HTC launched one of the most iconic smartphones of the past decade, the HTC One M8. The device impressed the world with its industrial yet high-quality design and dual front-mounted stereo speakers, delivering an audio experience unparalleled at the time. But that wasn’t all. HTC One M8 was the first commercially sold smartphone to use a secondary 2 MP depth sensor along with the primary camera to create a 3D map and use that data to simulate bokeh.


The LG G3 was another innovative smartphone from 2014, which brought quad HD displays to the Android world for the first time. It was one of the best flagship smartphones of 2014, packed with the most powerful hardware available, and set a new standard with its quad HD display. The Nokia Lumia 1520 was another notable device from 2014, marking it as the first Windows Phone with a phablet-sized screen. While the phone was quite impressive overall, the Windows Phone operating system failed to take full advantage of the device’s large screen potential.

Samsung Galaxy Note 4 review

What were the big players like Apple and Samsung up to in 2014? Samsung just had the Galaxy note 4, which offers the best Android experience with powerful hardware, customizable yet versatile software, and excellent cameras, all at a competitive price – a formula that defines the current lineup to date. But what about Apple?

Innovation alone does not guarantee success

Apple has long said it wouldn’t make a smartphone with a large screen. In fact, in 2010 even then-CEO Steve Jobs said during a press conference that “no one is going to buy a big phone.” During the conference, he said it was difficult to get a handle on and that “no one will believe that.” But look what Apple did in 2014 when it launched the iPhone 6 and iPhone 6 Plus.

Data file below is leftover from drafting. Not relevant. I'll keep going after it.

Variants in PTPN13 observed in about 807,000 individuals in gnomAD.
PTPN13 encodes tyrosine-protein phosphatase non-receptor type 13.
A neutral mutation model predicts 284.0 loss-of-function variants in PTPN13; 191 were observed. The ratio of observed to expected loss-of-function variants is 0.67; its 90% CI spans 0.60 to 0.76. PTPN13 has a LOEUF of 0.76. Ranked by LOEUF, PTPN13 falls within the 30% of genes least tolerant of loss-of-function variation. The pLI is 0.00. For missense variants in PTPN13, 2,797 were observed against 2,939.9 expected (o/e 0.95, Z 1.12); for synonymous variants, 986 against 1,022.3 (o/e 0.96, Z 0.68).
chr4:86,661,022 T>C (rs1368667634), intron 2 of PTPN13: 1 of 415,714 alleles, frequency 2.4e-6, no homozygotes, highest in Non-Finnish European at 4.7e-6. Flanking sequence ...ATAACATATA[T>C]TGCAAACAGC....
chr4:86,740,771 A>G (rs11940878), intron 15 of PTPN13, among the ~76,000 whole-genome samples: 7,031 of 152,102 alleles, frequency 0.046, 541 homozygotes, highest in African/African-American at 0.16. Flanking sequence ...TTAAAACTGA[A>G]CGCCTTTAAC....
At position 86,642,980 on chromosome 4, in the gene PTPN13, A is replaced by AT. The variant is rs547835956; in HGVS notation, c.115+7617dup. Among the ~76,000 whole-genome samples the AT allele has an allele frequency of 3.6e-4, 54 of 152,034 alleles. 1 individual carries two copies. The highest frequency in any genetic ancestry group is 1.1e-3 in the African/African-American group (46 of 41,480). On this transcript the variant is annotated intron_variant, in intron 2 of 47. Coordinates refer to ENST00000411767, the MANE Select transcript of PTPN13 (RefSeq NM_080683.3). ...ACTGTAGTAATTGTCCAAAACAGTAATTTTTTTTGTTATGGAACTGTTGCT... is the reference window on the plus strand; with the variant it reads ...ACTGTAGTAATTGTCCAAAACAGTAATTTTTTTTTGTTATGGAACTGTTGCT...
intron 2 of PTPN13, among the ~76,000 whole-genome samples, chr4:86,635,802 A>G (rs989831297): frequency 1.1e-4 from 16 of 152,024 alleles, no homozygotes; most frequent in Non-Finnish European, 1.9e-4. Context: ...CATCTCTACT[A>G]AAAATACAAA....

Unboxing iPhone 6

It went from a 4-inch screen on the iPhone 5s to larger 4.7-inch and 5.5-inch screens on the iPhone 5s. iPhone 6 and 6 Plusrespectively. Despite initial skepticism, the iPhone 6 series became Apple’s best-selling iPhone to date. People were very interested in an iPhone with a big screen, and despite the ‘bendgate’ controversy – with some users reporting that their iPhone 6/6 Plus was bent when they carried it in tight pockets – it remains the best product of the company to date.

So, what’s the takeaway from all this? It is clear that innovation alone does not guarantee success. While some of the companies mentioned above have been at the forefront of smartphone innovation, they failed to understand changing market trends and customer preferences. In contrast, the companies that adapted to changing markets and integrated the right technologies at the right time emerged as the biggest winners of that era and remain relevant to this day.

Innovation remains the key to moving the industry forward – there’s no denying that. The proven innovations of previous brands paved the way for what we have today. However, knowing when to integrate these innovations at the right time is just as important.